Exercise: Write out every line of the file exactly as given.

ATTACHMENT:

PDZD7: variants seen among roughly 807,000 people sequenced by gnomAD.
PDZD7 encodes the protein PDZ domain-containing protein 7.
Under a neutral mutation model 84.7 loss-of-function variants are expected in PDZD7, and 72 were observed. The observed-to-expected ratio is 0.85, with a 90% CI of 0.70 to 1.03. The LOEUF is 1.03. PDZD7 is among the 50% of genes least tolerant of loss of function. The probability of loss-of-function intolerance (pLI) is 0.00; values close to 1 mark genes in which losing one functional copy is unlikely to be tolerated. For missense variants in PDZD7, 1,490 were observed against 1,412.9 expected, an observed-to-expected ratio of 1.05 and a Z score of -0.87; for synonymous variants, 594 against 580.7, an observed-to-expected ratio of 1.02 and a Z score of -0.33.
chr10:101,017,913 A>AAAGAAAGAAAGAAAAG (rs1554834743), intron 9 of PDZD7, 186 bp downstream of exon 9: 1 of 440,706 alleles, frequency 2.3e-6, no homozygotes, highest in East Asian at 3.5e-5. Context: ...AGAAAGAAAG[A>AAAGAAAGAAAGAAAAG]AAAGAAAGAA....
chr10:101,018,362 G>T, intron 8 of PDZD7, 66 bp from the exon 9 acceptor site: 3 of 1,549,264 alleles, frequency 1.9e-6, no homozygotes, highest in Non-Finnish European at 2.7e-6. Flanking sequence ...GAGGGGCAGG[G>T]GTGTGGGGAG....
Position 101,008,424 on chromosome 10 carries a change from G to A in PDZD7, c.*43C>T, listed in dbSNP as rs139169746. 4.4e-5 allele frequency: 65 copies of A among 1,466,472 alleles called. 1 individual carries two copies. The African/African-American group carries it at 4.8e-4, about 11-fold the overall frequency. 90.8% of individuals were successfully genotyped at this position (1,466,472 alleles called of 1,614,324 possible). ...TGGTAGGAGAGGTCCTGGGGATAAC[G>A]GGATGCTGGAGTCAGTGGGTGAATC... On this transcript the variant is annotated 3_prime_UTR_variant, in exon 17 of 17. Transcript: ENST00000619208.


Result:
PDZD7: variants seen among roughly 807,000 people sequenced by gnomAD.
PDZD7 encodes the protein PDZ domain-containing protein 7.
Under a neutral mutation model 84.7 loss-of-function variants are expected in PDZD7, and 72 were observed. The observed-to-expected ratio is 0.85, with a 90% CI of 0.70 to 1.03. The LOEUF is 1.03. PDZD7 is among the 50% of genes least tolerant of loss of function. The probability of loss-of-function intolerance (pLI) is 0.00; values close to 1 mark genes in which losing one functional copy is unlikely to be tolerated. For missense variants in PDZD7, 1,490 were observed against 1,412.9 expected, an observed-to-expected ratio of 1.05 and a Z score of -0.87; for synonymous variants, 594 against 580.7, an observed-to-expected ratio of 1.02 and a Z score of -0.33.
chr10:101,017,913 A>AAAGAAAGAAAGAAAAG (rs1554834743), intron 9 of PDZD7, 186 bp downstream of exon 9: 1 of 440,706 alleles, frequency 2.3e-6, no homozygotes, highest in East Asian at 3.5e-5. Context: ...AGAAAGAAAG[A>AAAGAAAGAAAGAAAAG]AAAGAAAGAA....
chr10:101,018,362 G>T, intron 8 of PDZD7, 66 bp from the exon 9 acceptor site: 3 of 1,549,264 alleles, frequency 1.9e-6, no homozygotes, highest in Non-Finnish European at 2.7e-6. Flanking sequence ...GAGGGGCAGG[G>T]GTGTGGGGAG....
Position 101,008,424 on chromosome 10 carries a change from G to A in PDZD7, c.*43C>T, listed in dbSNP as rs139169746. 4.4e-5 allele frequency: 65 copies of A among 1,466,472 alleles called. 1 individual carries two copies. The African/African-American group carries it at 4.8e-4, about 11-fold the overall frequency. 90.8% of individuals were successfully genotyped at this position (1,466,472 alleles called of 1,614,324 possible). ...TGGTAGGAGAGGTCCTGGGGATAAC[G>A]GGATGCTGGAGTCAGTGGGTGAATC... On this transcript the variant is annotated 3_prime_UTR_variant, in exon 17 of 17. Transcript: ENST00000619208.